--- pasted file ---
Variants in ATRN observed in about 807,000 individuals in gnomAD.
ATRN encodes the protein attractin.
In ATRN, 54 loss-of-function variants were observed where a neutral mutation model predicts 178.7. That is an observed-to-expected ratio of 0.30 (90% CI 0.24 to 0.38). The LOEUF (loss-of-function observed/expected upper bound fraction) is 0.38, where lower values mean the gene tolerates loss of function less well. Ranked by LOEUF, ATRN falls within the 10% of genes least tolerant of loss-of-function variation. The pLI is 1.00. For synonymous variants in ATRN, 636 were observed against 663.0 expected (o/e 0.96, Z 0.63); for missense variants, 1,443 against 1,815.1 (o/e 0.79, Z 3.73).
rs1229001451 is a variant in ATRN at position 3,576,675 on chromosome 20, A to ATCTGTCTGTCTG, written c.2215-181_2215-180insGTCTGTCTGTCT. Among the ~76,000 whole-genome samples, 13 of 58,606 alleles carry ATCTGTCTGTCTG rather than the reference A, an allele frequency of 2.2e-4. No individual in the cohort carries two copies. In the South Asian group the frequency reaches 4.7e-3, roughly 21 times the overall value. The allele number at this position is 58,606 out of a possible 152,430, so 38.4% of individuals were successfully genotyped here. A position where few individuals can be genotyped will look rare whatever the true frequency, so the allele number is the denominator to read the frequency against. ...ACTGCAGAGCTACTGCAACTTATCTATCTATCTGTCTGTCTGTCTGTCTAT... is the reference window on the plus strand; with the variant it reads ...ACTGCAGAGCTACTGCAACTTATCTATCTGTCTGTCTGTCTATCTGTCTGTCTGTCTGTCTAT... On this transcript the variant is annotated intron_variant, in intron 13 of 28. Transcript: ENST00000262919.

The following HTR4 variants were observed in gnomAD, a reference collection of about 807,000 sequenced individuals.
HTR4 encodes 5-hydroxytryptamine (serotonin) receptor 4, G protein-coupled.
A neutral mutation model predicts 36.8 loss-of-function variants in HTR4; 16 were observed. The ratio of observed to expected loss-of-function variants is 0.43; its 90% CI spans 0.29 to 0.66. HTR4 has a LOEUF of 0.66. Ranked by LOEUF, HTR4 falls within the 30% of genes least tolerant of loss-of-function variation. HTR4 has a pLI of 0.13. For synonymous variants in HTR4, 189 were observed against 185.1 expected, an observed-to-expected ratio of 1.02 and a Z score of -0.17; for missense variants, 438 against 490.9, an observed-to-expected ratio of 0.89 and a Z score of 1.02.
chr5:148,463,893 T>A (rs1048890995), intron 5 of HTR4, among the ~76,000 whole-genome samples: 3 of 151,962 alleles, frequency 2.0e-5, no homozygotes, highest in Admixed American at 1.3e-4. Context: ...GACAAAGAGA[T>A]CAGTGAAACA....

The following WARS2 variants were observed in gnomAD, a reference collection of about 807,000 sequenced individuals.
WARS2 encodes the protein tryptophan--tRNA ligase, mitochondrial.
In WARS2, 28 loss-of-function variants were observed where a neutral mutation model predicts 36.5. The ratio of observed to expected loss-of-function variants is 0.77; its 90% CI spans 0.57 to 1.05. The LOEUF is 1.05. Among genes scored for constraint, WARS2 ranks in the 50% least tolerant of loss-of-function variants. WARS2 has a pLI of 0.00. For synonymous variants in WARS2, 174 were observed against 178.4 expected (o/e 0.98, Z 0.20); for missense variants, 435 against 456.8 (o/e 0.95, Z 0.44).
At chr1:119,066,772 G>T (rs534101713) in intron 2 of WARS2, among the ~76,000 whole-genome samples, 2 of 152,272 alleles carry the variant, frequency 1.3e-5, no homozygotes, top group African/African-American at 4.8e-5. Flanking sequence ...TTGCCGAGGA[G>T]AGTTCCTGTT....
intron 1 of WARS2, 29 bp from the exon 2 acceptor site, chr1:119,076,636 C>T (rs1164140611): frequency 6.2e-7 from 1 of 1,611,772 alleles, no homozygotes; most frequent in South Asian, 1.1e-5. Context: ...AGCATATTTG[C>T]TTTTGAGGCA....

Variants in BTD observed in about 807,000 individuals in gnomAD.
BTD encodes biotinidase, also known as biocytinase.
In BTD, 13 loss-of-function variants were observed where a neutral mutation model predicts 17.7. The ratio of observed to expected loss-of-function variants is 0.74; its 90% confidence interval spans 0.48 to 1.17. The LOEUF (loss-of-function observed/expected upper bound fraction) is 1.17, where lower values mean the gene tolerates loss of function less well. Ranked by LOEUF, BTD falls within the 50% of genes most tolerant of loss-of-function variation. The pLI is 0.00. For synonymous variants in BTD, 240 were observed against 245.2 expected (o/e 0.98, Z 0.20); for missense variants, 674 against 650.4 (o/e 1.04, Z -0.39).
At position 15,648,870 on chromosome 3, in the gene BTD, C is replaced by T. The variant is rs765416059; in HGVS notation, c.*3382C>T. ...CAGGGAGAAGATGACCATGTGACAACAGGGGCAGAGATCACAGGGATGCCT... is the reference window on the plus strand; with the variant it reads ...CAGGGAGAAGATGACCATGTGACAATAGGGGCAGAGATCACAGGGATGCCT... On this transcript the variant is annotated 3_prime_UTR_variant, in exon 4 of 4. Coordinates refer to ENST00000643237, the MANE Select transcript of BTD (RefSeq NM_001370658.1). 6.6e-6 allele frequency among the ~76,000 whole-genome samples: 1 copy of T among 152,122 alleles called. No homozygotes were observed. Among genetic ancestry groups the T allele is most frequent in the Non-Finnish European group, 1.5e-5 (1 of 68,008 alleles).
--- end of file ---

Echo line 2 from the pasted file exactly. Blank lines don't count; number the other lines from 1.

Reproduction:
ATRN encodes the protein attractin.